App Reviewed on: iPhone 4
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The touch screen and the sliding-blocks puzzler together represent a marriage made in gaming heaven. It’s a combination that just makes sense. Like peanut butter with jelly, like Ross with Rachel and Mario with his moustache, to imagine them apart is to imagine them weaker.
While it’s unsurprising that the marketplace is dominated by these games, in no way does that mean there isn’t room for one more, especially if said game has the noble aim of doing something a bit different. So, here is Helion, a sliding-blocks puzzler with a twist reminiscent of the classic Pipe Mania game.
In Helion, the idea is to ensure that the blocks firing laser beams are firing them towards a receptor block. Each firing block fires a specifically colored laser, and that laser must reach a receptor block of the corresponding color. This isn’t just a matter of lining up these blocks in parallel, as firing blocks and receptor blocks will only fire and receive in one direction; for example, a firing block’s laser may go upwards through the puzzle, but the receptor block only receives on its left side.
This is where the Pipe Mania similarity comes in. Blocks with a diagonal line in their centre can reflect lasers in different directions. By the later levels, puzzles are filled with these blocks to assist the guidance of multiple lasers to multiple receptor blocks, and the lasers starting twisting and turning around the puzzles in very confusing ways. What doesn’t help is the proficiency of obstacle blocks that simply stop lasers as well as channel blocks that only allow them to pass in one direction.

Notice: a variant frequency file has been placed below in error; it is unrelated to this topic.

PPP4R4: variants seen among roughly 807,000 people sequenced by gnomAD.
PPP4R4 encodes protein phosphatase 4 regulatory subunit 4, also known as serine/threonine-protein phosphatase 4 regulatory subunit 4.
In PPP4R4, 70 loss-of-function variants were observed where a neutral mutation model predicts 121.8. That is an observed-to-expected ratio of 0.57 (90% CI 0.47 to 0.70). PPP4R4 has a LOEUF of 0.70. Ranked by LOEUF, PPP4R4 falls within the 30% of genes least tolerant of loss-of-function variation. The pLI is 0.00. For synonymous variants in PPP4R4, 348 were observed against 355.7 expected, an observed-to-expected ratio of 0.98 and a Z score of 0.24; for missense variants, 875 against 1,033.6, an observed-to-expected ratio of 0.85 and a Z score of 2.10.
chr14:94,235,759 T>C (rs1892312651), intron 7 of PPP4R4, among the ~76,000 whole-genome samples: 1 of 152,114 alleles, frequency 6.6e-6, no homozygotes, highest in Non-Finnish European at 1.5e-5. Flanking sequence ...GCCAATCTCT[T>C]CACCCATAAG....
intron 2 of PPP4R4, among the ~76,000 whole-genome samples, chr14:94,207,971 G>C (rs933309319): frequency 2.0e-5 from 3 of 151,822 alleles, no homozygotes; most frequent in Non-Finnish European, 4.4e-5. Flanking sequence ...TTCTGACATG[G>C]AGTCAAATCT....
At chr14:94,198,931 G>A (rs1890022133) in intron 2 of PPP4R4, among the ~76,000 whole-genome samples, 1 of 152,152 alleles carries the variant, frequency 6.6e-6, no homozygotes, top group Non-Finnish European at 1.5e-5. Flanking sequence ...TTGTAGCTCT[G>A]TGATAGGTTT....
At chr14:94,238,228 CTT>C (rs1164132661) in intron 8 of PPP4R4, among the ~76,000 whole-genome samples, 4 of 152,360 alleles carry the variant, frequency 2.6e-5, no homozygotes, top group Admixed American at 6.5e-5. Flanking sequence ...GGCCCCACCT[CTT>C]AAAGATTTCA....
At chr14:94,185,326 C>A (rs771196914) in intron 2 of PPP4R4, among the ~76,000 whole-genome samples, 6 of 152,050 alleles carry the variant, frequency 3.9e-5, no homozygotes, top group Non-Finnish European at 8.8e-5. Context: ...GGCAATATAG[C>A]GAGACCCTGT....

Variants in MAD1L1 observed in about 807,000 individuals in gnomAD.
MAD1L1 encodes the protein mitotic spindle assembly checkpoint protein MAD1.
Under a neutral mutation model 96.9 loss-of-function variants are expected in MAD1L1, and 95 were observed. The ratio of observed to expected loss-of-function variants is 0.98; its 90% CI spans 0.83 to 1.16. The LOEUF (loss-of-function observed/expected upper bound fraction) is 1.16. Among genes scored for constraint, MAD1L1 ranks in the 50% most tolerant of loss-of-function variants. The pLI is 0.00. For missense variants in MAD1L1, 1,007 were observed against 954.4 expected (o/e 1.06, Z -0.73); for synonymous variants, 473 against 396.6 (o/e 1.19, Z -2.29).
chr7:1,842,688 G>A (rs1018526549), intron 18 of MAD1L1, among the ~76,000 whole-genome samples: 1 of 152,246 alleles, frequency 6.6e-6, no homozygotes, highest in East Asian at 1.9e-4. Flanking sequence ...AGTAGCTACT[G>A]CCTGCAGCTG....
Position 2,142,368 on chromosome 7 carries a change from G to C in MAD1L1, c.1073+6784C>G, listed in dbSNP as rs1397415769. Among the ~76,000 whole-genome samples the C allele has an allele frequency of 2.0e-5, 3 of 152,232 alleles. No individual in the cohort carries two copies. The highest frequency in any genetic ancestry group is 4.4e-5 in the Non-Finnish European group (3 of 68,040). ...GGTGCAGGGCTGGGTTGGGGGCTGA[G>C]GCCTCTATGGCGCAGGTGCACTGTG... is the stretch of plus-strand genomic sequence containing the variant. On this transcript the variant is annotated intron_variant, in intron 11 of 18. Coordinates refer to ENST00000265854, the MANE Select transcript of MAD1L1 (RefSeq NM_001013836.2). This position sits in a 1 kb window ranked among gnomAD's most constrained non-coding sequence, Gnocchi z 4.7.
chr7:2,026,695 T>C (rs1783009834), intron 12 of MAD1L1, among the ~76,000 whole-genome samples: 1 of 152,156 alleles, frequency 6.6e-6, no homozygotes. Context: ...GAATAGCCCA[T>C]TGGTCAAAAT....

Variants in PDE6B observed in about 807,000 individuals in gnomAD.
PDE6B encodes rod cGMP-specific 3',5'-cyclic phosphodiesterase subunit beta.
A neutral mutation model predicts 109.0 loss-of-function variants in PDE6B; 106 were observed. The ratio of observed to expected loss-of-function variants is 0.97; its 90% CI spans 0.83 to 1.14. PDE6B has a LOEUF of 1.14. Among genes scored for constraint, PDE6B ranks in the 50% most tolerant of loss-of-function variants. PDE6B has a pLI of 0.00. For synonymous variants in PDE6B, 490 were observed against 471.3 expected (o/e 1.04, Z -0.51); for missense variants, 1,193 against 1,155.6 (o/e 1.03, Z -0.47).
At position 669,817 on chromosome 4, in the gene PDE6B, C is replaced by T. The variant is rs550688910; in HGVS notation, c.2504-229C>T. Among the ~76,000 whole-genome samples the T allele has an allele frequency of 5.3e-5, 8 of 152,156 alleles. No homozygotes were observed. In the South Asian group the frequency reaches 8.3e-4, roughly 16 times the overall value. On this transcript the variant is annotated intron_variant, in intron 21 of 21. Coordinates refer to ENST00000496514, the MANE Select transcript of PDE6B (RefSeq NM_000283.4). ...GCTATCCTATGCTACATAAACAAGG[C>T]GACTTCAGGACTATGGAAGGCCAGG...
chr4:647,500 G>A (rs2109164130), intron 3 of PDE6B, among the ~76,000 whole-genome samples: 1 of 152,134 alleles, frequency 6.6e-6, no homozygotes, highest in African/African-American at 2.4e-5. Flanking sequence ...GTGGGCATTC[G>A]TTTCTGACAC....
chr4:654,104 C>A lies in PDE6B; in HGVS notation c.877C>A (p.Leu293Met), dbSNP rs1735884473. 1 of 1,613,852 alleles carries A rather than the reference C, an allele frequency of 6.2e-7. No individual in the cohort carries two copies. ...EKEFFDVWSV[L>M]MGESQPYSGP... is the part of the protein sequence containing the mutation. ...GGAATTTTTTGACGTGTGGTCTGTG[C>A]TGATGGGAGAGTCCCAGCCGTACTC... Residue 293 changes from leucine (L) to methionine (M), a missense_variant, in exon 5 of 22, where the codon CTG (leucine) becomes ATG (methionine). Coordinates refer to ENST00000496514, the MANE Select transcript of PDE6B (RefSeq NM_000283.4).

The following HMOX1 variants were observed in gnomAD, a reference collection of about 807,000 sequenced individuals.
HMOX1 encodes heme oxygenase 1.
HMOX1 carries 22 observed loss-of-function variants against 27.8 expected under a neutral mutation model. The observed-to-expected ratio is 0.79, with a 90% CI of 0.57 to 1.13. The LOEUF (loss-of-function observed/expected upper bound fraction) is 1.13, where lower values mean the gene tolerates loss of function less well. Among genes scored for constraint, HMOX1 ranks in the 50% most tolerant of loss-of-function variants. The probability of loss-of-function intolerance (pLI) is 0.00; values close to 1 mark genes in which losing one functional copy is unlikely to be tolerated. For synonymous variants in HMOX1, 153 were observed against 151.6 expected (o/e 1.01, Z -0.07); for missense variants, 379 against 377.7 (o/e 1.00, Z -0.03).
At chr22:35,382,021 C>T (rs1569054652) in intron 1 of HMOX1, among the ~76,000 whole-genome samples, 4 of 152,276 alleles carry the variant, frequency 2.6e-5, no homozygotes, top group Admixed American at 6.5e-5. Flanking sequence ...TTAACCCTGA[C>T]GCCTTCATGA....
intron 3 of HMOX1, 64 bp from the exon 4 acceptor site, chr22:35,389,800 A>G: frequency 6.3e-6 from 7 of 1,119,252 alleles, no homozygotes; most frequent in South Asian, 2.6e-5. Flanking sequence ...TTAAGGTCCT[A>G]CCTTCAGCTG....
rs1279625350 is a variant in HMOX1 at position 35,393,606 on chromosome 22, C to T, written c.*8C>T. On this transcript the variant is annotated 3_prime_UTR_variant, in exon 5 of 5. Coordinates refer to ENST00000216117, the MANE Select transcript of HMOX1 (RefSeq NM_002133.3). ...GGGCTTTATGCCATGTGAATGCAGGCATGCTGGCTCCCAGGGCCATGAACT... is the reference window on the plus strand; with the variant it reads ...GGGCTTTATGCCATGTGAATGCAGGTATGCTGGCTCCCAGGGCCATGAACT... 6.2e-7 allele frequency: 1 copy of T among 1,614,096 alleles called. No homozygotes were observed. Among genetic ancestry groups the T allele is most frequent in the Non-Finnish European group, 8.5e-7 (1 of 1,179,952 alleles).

As expected, the interface works very neatly. Sliding blocks around the puzzle is easy, particularly because of the ability to send multiples down a row or a line via one click. The puzzles themselves are appreciably tough, so while the game fails to introduce enough new elements to really change things up, the difficulty climb in the second half of the campaign does leave me feeling satisfied at the end of the particularly beastly offerings.
Besides that lack of diversity in the puzzles, I find the game’s grey palette very, very dull. The game is supposed to look futuristic in an industrial way, but this is negated by the visual detail being fairly basic and the interface in general feeling a little clunky and coarse. Meanwhile, although the mirror mode for the campaign offers a modicum of longevity and future modes are noted as promised, it would be nice to see a little bit more replay value from Helion; the campaign doesn’t last that long.
For the length it does last, though, Helion is fun enough puzzling debut by Tn. The game does stamp its individuality, even if it’s just a little bit of individuality, on an already much ploughed genre.